The International Exascale Software Project (IESP) has brought together the interests, talents, and resources of the international community to cooperate and coordinate long-term development of the necessary software infrastructure required to enable effective exaflops-scale performance before the end of this decade. Learning from past experiences where software always appeared to lag behind the hardware, this world-straddling endeavor is driven by the recognition that to succeed, the software needs to be there when the hardware is. More importantly, the hardware designs must be informed by the needs of the software so that there is minimum mismatch and the concomitant ensuing generations of unsatisfactory patches. But there is an even more critical imperative: the realization that without the right software, exaflops may not be achievable at all (except in special cases) and that no one nation can go it alone; the HPC community is just too small for multiple conflicting paths of a top to bottom software refactoring. In the last year, four multi-day meetings in France, Japan, and the UK among representatives of all of the major HPC nations have provided an emerging roadmap to inform future planning of the joint development of the full supporting software infrastructure for Exascale systems’ operation and programming.

The US DOE has also begun a new program of research with the release of its recent RFP to develop the components of the “X-Stack,” the software required to enable a new generation of science and technology applications with the advent of future exaflops capable systems. These elements include operating systems, runtime systems, programming models and tools, and methods for reliability and mass storage and I/O. The winners, not yet announced, will represent a new wave of research in the US combining partners in the national laboratories, industry, and academia driven by the requirements of major mission-critical applications. This and other related DOE programs were developed in part from an extensive series of community workshops through the preceding year on application domains, hardware and software systems, and mathematical algorithms. This research will join other programs around the world in the first concerted effort to turn the corner and set a new trajectory for future HPC system software architecture, design, and implementation.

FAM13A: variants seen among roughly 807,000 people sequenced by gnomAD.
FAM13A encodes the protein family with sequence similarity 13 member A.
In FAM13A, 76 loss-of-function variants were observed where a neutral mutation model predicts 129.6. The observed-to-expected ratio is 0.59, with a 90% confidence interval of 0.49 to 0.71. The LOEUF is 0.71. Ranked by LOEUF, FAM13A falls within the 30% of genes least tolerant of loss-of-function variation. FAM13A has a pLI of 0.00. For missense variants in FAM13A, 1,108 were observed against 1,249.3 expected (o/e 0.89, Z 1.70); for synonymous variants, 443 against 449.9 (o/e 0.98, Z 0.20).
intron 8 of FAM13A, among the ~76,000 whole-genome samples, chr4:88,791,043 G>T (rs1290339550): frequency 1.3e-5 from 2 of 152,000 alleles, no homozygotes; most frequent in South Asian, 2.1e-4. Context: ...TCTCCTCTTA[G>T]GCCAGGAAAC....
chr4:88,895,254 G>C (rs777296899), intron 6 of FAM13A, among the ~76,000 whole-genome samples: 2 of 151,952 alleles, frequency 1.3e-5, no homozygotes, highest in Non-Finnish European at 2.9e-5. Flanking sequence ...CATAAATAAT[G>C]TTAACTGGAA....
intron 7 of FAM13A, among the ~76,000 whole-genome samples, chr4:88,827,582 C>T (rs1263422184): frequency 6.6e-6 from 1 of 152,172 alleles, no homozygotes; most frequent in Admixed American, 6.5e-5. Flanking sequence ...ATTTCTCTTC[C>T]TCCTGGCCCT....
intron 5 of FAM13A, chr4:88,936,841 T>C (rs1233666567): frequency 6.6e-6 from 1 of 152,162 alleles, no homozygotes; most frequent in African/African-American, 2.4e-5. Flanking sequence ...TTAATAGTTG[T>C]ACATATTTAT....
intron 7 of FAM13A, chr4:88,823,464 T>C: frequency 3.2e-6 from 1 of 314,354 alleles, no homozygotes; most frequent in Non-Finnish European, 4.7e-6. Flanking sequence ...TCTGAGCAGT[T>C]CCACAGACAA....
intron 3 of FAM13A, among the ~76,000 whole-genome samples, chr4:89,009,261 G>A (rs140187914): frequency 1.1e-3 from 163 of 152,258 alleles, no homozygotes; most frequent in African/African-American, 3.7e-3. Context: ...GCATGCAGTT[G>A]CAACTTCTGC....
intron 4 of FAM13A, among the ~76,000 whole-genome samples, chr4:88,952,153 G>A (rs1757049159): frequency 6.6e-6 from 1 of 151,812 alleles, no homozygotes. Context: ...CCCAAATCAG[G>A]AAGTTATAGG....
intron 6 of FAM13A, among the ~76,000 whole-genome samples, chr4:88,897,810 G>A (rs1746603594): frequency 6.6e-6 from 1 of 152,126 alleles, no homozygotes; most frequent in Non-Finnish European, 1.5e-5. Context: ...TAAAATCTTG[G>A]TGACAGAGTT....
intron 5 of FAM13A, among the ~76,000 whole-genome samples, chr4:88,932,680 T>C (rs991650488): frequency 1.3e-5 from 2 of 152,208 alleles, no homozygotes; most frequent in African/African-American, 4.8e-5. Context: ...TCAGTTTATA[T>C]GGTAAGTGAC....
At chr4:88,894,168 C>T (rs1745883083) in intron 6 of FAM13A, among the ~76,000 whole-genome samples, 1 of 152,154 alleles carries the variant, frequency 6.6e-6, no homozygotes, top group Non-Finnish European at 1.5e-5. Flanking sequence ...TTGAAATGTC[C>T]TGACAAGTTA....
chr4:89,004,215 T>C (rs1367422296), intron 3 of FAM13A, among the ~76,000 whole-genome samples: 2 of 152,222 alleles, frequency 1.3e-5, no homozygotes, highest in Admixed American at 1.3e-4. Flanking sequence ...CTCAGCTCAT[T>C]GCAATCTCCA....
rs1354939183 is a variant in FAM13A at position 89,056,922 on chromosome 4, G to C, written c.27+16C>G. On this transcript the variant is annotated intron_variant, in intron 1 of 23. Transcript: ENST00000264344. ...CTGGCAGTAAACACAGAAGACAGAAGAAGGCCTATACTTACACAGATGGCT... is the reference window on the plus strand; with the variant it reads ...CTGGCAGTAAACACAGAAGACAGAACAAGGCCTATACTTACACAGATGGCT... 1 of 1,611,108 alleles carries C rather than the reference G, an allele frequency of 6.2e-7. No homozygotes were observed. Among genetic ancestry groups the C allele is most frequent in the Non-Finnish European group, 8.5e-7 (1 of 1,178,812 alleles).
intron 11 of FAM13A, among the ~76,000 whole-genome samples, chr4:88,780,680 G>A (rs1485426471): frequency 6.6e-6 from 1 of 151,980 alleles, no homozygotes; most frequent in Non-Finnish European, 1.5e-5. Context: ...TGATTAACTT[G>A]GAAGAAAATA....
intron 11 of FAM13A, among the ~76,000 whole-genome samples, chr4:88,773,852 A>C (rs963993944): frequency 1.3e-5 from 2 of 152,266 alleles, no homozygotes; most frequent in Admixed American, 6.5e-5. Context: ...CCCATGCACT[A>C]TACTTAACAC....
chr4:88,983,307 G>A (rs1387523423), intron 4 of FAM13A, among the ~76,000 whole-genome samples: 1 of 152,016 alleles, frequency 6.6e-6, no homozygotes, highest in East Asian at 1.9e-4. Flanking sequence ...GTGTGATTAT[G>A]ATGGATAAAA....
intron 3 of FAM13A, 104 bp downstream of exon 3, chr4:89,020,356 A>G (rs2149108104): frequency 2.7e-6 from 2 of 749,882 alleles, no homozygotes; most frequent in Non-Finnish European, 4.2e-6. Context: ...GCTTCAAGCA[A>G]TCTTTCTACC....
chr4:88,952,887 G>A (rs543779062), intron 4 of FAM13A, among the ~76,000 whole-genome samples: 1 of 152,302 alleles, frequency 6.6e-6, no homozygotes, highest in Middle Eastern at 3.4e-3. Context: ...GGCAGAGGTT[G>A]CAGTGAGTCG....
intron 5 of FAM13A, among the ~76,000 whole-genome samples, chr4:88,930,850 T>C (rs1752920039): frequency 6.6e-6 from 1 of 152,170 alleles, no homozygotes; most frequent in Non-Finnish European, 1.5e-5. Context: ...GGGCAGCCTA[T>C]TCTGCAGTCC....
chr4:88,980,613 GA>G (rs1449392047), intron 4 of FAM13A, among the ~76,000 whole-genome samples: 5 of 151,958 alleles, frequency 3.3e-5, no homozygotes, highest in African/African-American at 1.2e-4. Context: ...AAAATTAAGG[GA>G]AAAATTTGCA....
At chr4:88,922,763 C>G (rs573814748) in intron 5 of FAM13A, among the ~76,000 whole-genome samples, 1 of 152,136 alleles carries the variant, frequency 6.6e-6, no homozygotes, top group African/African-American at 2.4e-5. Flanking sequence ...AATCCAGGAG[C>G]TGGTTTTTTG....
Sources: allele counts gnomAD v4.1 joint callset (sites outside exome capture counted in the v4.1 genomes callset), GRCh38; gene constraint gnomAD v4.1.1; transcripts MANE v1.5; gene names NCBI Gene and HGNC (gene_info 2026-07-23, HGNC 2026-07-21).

Perhaps most dramatic and at the same time risky undertaking is the new DARPA Ubiquitous High Performance Computing (UHPC) research program. UHPC is intended to attack the above challenges through nothing less than revolutionizing HPC system design. Through a lengthy program development process that involved three separate studies in technology, software, and resiliency engaging the talents of experts throughout the US, UHPC evolved an energetic research charter to reinvent computing prior to the end of this decade. The program was not explicitly targeted to exascale but rather to the mid-range of one or some unspecified number of interconnected and interoperable racks, each capable of approximately 1 petaflops sustained performance with a power budget of less than 60 kilowatts.

At the foundation of this program is the call for a new model of parallel computation to replace the venerable and highly successful message-passing model that has dominated for the last two decades. A major emphasis is on power reduction with an average energy of 25 Pico-Joules per floating point operation. A thousand such racks if sufficiently efficient would deliver 1 exaflops for 20 megawatts.

Emphasis is placed on the co-design of both hardware and software components in response to challenge problems that will span the applications domains from some of the largest STEM problems to heavy real time I/O streaming to knowledge management graph problems. Scaling down is as important as scaling up to UHPC, with single modules capable of multiple teraflops (and in mobile modules this is an important operating point).

The program may run eight or nine years and result in one or more prototypes of fully-operational systems. The first half of the program, Phases 1 and 2 spanning four years, will begin this summer with the winning teams to be announced in a month’s time. Atypical of such programs is the expectation of strong cooperation among competing teams and the delivery of much of the techniques and technology to the research community throughout the four phases of the program.

This year has indeed been a very productive year, both for its accomplishments in the deployment and application of petaflops-scale systems and for its forward-looking inauguration of the exaflops era.

Subscribe to HPCwire's Weekly Update!